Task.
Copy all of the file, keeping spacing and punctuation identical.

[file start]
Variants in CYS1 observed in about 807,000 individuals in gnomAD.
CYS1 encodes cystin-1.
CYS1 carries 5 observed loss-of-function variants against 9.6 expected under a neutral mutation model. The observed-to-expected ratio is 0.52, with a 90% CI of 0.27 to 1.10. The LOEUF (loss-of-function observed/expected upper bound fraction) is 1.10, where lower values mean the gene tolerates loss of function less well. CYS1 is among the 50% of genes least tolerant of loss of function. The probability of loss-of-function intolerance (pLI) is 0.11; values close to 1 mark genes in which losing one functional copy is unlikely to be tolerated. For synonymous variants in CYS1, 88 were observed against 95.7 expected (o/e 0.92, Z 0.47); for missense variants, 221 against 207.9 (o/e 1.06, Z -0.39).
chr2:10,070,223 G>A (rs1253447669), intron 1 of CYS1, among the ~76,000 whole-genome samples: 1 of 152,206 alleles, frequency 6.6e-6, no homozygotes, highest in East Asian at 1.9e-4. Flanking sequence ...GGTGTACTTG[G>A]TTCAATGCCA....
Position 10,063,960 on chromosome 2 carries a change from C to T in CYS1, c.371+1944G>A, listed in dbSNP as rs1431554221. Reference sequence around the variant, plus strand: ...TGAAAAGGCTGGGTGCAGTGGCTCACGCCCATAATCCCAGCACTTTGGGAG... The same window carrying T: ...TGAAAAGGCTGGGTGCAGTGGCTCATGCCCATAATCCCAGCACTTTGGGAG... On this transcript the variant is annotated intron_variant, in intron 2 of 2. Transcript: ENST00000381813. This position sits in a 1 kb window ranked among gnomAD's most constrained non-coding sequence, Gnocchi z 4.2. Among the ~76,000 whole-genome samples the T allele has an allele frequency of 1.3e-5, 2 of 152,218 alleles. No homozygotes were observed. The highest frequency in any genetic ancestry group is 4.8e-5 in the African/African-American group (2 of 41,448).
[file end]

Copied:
Variants in CYS1 observed in about 807,000 individuals in gnomAD.
CYS1 encodes cystin-1.
CYS1 carries 5 observed loss-of-function variants against 9.6 expected under a neutral mutation model. The observed-to-expected ratio is 0.52, with a 90% CI of 0.27 to 1.10. The LOEUF (loss-of-function observed/expected upper bound fraction) is 1.10, where lower values mean the gene tolerates loss of function less well. CYS1 is among the 50% of genes least tolerant of loss of function. The probability of loss-of-function intolerance (pLI) is 0.11; values close to 1 mark genes in which losing one functional copy is unlikely to be tolerated. For synonymous variants in CYS1, 88 were observed against 95.7 expected (o/e 0.92, Z 0.47); for missense variants, 221 against 207.9 (o/e 1.06, Z -0.39).
chr2:10,070,223 G>A (rs1253447669), intron 1 of CYS1, among the ~76,000 whole-genome samples: 1 of 152,206 alleles, frequency 6.6e-6, no homozygotes, highest in East Asian at 1.9e-4. Flanking sequence ...GGTGTACTTG[G>A]TTCAATGCCA....
Position 10,063,960 on chromosome 2 carries a change from C to T in CYS1, c.371+1944G>A, listed in dbSNP as rs1431554221. Reference sequence around the variant, plus strand: ...TGAAAAGGCTGGGTGCAGTGGCTCACGCCCATAATCCCAGCACTTTGGGAG... The same window carrying T: ...TGAAAAGGCTGGGTGCAGTGGCTCATGCCCATAATCCCAGCACTTTGGGAG... On this transcript the variant is annotated intron_variant, in intron 2 of 2. Transcript: ENST00000381813. This position sits in a 1 kb window ranked among gnomAD's most constrained non-coding sequence, Gnocchi z 4.2. Among the ~76,000 whole-genome samples the T allele has an allele frequency of 1.3e-5, 2 of 152,218 alleles. No homozygotes were observed. The highest frequency in any genetic ancestry group is 4.8e-5 in the African/African-American group (2 of 41,448).